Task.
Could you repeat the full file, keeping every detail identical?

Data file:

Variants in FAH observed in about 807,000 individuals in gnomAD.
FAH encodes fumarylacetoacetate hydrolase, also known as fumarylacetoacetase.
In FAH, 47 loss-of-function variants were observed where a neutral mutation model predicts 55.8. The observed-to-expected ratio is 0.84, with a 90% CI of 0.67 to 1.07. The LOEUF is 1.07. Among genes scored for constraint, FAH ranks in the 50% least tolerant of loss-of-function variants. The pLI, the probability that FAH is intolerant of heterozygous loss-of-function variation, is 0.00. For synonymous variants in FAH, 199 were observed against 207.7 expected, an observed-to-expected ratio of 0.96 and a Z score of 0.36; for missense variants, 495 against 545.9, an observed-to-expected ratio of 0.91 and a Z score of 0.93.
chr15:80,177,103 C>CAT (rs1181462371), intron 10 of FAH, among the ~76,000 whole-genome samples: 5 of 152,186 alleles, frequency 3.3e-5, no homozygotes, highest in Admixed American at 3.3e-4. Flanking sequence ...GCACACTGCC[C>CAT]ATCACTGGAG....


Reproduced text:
Variants in FAH observed in about 807,000 individuals in gnomAD.
FAH encodes fumarylacetoacetate hydrolase, also known as fumarylacetoacetase.
In FAH, 47 loss-of-function variants were observed where a neutral mutation model predicts 55.8. The observed-to-expected ratio is 0.84, with a 90% CI of 0.67 to 1.07. The LOEUF is 1.07. Among genes scored for constraint, FAH ranks in the 50% least tolerant of loss-of-function variants. The pLI, the probability that FAH is intolerant of heterozygous loss-of-function variation, is 0.00. For synonymous variants in FAH, 199 were observed against 207.7 expected, an observed-to-expected ratio of 0.96 and a Z score of 0.36; for missense variants, 495 against 545.9, an observed-to-expected ratio of 0.91 and a Z score of 0.93.
chr15:80,177,103 C>CAT (rs1181462371), intron 10 of FAH, among the ~76,000 whole-genome samples: 5 of 152,186 alleles, frequency 3.3e-5, no homozygotes, highest in Admixed American at 3.3e-4. Flanking sequence ...GCACACTGCC[C>CAT]ATCACTGGAG....